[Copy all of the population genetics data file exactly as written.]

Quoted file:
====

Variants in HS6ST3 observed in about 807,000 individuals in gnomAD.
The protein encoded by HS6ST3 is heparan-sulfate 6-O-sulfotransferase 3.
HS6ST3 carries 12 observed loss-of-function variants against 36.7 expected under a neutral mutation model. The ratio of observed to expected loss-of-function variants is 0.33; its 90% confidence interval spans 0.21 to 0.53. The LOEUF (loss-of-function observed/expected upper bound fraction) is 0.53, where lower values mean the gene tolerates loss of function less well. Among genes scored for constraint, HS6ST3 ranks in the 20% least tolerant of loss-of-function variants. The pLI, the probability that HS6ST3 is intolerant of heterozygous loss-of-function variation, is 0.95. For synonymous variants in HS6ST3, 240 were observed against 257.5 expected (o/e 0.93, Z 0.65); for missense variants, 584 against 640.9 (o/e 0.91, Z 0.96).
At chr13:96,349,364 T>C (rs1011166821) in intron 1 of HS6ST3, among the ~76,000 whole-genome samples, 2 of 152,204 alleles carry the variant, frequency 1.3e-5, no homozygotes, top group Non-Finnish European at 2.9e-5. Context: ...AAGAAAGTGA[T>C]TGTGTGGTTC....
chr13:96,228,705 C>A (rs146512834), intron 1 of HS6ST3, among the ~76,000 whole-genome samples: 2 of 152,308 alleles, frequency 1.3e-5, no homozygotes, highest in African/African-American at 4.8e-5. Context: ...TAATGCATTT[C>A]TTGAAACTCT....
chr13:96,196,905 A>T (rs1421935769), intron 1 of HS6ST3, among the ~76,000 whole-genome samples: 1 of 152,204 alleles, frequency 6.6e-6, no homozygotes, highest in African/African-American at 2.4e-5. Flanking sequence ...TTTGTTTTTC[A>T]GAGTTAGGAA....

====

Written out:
Variants in HS6ST3 observed in about 807,000 individuals in gnomAD.
The protein encoded by HS6ST3 is heparan-sulfate 6-O-sulfotransferase 3.
HS6ST3 carries 12 observed loss-of-function variants against 36.7 expected under a neutral mutation model. The ratio of observed to expected loss-of-function variants is 0.33; its 90% confidence interval spans 0.21 to 0.53. The LOEUF (loss-of-function observed/expected upper bound fraction) is 0.53, where lower values mean the gene tolerates loss of function less well. Among genes scored for constraint, HS6ST3 ranks in the 20% least tolerant of loss-of-function variants. The pLI, the probability that HS6ST3 is intolerant of heterozygous loss-of-function variation, is 0.95. For synonymous variants in HS6ST3, 240 were observed against 257.5 expected (o/e 0.93, Z 0.65); for missense variants, 584 against 640.9 (o/e 0.91, Z 0.96).
At chr13:96,349,364 T>C (rs1011166821) in intron 1 of HS6ST3, among the ~76,000 whole-genome samples, 2 of 152,204 alleles carry the variant, frequency 1.3e-5, no homozygotes, top group Non-Finnish European at 2.9e-5. Context: ...AAGAAAGTGA[T>C]TGTGTGGTTC....
chr13:96,228,705 C>A (rs146512834), intron 1 of HS6ST3, among the ~76,000 whole-genome samples: 2 of 152,308 alleles, frequency 1.3e-5, no homozygotes, highest in African/African-American at 4.8e-5. Context: ...TAATGCATTT[C>A]TTGAAACTCT....
chr13:96,196,905 A>T (rs1421935769), intron 1 of HS6ST3, among the ~76,000 whole-genome samples: 1 of 152,204 alleles, frequency 6.6e-6, no homozygotes, highest in African/African-American at 2.4e-5. Flanking sequence ...TTTGTTTTTC[A>T]GAGTTAGGAA....